Earlier this week I was in St Andrew Square Gardens to support Scottish Apprenticeship Week at a Historic Scotland traditional skills workshop.
The event brought together apprentices from traditional trades including stone masonry, roof slating, painting and decorating and joinery for practical demonstrations.
During the event I got the chance to try my hand at the different trades which gave me a real appreciation of the levels of skill involved. Speaking to the apprentices themselves, I was impressed by their dedication to learning their trades and by their enthusiasm about the modern apprenticeship programme in general as a route to training and finding work. I have lodged a motion in Parliament highlighting the event.
Maintaining a skilled workforce in these traditional trades is vital, particularly here in Edinburgh where the architectural heritage of our buildings creates great demand for them. Modern apprenticeships are an important measure to help maintain the workforce and create opportunities for young people to train.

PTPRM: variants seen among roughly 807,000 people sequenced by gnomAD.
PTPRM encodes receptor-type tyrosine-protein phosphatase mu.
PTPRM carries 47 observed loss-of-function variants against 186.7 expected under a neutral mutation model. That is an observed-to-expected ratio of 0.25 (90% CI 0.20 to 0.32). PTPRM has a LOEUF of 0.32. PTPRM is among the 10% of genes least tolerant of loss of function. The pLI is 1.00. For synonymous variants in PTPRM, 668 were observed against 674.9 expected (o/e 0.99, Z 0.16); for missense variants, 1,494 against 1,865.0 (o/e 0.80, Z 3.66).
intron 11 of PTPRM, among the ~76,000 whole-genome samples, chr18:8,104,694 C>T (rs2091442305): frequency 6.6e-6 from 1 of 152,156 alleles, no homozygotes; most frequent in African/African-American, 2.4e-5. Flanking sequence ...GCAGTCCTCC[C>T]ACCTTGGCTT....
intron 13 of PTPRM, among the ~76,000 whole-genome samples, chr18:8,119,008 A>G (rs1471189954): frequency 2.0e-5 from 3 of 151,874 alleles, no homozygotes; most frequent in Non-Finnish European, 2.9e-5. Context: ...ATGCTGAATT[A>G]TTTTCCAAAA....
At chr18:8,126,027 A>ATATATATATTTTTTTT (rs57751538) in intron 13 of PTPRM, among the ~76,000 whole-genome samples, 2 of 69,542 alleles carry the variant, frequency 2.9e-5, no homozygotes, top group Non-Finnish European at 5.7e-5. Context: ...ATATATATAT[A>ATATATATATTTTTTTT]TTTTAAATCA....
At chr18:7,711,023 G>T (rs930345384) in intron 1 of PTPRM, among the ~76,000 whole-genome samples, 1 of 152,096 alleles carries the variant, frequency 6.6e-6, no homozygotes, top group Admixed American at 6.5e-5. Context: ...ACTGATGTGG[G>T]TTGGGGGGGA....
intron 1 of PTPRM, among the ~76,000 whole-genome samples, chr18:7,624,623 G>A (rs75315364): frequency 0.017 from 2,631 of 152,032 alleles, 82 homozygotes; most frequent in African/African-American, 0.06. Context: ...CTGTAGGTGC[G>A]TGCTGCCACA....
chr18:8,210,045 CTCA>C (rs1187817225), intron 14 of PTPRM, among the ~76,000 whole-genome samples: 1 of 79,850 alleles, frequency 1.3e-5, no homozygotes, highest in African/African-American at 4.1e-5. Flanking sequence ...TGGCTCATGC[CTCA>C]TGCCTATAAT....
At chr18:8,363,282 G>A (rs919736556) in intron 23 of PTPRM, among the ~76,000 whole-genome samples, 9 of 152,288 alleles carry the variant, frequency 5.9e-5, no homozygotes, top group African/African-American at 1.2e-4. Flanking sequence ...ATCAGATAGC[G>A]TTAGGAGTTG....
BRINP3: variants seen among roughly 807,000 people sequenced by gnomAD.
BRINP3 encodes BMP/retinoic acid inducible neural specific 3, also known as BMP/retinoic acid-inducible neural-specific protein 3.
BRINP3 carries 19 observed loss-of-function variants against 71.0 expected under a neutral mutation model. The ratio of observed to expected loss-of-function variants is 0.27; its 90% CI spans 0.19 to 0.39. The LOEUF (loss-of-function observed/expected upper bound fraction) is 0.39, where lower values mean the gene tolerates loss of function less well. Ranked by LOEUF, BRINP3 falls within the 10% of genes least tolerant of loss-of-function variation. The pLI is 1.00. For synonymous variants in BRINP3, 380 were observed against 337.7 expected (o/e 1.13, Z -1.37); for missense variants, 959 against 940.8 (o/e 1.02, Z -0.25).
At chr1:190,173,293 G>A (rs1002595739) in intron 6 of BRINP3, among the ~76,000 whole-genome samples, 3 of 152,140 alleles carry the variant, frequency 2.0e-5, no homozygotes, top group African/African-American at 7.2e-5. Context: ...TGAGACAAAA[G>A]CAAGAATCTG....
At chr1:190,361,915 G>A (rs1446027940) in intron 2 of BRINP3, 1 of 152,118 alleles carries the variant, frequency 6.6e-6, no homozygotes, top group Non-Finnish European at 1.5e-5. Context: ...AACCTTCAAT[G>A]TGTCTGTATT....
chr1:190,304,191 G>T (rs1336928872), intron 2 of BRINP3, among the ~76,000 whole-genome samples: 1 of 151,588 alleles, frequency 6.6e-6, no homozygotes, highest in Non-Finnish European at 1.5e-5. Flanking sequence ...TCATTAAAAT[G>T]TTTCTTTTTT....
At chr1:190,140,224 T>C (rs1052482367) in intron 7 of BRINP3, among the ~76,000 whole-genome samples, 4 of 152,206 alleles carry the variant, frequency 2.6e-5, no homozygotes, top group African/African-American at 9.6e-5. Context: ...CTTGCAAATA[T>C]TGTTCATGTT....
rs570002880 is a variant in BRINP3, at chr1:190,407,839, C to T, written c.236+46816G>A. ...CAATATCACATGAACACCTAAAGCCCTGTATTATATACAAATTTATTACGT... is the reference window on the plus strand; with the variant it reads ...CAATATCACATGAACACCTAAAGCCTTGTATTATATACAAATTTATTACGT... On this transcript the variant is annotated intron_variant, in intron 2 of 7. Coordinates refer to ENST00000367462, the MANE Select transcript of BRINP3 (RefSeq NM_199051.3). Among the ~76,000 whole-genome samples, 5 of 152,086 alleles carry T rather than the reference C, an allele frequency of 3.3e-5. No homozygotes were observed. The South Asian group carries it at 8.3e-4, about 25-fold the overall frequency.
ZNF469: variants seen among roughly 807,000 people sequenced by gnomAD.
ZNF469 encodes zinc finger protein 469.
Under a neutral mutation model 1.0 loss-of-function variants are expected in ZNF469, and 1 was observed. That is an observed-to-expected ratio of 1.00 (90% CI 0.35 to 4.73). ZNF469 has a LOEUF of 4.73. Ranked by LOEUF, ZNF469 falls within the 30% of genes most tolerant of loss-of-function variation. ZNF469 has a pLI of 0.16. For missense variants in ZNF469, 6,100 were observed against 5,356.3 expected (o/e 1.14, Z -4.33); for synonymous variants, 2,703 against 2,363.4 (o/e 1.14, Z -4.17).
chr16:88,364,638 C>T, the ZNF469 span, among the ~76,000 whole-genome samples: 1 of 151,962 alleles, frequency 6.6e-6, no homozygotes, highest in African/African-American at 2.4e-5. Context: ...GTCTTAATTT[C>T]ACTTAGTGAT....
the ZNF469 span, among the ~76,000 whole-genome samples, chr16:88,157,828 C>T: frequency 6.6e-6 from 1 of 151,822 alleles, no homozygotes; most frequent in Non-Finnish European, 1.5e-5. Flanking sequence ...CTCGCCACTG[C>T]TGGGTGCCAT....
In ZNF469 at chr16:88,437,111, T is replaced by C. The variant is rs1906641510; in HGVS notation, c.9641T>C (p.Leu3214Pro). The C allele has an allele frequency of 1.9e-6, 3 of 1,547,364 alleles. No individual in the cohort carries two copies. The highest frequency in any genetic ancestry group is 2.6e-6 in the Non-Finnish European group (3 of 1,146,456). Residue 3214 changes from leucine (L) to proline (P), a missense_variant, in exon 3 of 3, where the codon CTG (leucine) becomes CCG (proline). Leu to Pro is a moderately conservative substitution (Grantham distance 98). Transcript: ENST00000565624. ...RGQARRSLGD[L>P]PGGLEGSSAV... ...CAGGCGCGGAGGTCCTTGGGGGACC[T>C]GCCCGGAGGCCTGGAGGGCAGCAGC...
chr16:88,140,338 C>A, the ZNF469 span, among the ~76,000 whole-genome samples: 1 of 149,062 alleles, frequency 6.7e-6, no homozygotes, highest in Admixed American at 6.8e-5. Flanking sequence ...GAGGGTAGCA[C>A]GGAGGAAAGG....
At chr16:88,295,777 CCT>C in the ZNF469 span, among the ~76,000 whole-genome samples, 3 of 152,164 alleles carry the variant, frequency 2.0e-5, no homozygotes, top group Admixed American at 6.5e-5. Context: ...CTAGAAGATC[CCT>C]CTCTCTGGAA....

This is the fourth year that Scottish Apprenticeship Week has been run with events across the country celebrating the achievements of modern apprentices and encouraging employers to become involved.
The Scottish Government has set a target of 25,000 modern apprenticeships a year in Scotland to rise to 30,000 by 2020 and while I am happy to welcome that commitment I believe that more can be done to make them more effective in helping to tackle youth unemployment.
Government statistics indicate that over 13% of 16-19 year-olds are identified as not in education, employment or training. Modern apprenticeships should be part of the safety net which prevents these young people falling through the cracks, giving them the chance to develop the skills that would lead to long-term, sustainable employment.
However, figures for modern apprenticeships over the last few years show that the majority of the increased places have gone to the over 20 age group with concerns that thousands of places are going to people already in work. There are also legitimate concerns that the standard of apprenticeships is being reduced with an increase in shorter, cheaper training.
The young people I met are highly skilled as a result of their hard work but it is important that following their training they are able to access suitable work opportunities.